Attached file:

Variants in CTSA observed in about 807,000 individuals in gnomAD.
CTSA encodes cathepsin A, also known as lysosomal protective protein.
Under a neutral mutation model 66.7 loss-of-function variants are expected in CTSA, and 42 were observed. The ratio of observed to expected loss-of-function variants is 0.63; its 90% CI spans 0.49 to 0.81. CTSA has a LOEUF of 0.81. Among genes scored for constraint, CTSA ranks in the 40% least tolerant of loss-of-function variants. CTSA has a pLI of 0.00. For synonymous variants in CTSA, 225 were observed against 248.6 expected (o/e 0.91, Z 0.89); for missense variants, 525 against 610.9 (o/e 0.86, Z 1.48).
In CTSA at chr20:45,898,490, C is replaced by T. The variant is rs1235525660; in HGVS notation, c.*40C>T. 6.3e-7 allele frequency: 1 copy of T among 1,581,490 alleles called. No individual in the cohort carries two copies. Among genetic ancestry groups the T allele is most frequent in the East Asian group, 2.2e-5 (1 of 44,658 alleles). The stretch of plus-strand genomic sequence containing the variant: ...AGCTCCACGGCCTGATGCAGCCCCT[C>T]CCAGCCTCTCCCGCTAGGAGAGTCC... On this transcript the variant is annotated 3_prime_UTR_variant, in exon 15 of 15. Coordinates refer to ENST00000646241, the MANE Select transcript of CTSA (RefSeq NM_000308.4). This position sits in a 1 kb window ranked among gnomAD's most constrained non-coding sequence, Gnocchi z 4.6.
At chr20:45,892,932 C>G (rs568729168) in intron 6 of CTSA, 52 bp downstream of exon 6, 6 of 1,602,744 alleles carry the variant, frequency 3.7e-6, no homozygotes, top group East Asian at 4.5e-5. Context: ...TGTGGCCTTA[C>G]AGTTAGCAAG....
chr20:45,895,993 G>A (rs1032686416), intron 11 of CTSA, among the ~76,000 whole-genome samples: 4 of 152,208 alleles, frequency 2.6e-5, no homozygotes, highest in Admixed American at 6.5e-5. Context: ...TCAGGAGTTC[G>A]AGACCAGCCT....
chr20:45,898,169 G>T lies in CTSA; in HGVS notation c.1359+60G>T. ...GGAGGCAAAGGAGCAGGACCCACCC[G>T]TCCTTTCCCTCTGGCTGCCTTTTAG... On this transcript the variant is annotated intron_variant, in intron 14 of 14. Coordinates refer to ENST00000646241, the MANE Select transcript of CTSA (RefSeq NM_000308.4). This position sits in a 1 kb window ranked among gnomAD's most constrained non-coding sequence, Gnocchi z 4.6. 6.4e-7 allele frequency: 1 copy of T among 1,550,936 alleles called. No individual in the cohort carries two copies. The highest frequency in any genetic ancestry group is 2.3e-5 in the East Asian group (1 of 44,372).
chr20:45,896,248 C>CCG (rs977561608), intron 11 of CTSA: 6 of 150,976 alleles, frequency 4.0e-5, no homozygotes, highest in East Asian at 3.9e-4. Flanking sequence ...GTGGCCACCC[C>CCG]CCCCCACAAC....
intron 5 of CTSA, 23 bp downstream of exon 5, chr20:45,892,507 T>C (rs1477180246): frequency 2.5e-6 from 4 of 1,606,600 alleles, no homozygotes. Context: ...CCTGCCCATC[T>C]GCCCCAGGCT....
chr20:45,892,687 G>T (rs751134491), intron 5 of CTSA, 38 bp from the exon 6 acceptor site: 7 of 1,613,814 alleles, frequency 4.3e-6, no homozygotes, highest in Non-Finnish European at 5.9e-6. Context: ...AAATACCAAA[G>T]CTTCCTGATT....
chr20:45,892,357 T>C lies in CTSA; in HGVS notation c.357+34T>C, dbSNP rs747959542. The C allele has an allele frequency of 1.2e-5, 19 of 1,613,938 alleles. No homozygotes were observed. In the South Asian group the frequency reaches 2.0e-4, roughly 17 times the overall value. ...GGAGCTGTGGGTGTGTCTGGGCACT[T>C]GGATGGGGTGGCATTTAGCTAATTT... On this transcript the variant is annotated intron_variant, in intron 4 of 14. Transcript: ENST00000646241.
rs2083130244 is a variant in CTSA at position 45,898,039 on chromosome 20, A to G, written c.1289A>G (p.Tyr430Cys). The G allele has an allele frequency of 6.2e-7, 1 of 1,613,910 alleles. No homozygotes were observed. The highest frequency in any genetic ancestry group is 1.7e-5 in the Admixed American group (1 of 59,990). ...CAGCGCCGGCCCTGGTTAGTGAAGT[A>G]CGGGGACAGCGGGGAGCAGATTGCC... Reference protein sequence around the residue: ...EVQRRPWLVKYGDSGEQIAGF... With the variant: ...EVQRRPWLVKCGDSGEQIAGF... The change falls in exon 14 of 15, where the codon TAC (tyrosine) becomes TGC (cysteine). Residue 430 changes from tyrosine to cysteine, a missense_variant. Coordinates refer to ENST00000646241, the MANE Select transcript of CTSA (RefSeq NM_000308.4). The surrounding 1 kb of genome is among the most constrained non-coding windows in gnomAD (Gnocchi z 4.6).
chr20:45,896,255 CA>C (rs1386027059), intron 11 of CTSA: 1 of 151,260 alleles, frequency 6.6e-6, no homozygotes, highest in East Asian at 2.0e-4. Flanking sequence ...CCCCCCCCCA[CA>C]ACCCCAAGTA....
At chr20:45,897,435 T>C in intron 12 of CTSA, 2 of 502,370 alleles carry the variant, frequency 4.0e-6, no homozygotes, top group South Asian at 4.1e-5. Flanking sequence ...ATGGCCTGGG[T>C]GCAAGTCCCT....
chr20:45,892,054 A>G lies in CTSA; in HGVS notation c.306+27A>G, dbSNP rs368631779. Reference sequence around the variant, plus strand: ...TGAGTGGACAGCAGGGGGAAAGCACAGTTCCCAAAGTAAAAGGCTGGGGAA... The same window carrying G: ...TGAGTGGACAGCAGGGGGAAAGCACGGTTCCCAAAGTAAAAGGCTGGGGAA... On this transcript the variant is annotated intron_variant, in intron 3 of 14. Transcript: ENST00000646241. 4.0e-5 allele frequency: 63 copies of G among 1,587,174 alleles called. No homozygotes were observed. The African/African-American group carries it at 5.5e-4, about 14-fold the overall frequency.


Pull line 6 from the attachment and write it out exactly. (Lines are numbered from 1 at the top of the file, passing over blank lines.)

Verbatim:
chr20:45,895,993 G>A (rs1032686416), intron 11 of CTSA, among the ~76,000 whole-genome samples: 4 of 152,208 alleles, frequency 2.6e-5, no homozygotes, highest in Admixed American at 6.5e-5. Context: ...TCAGGAGTTC[G>A]AGACCAGCCT....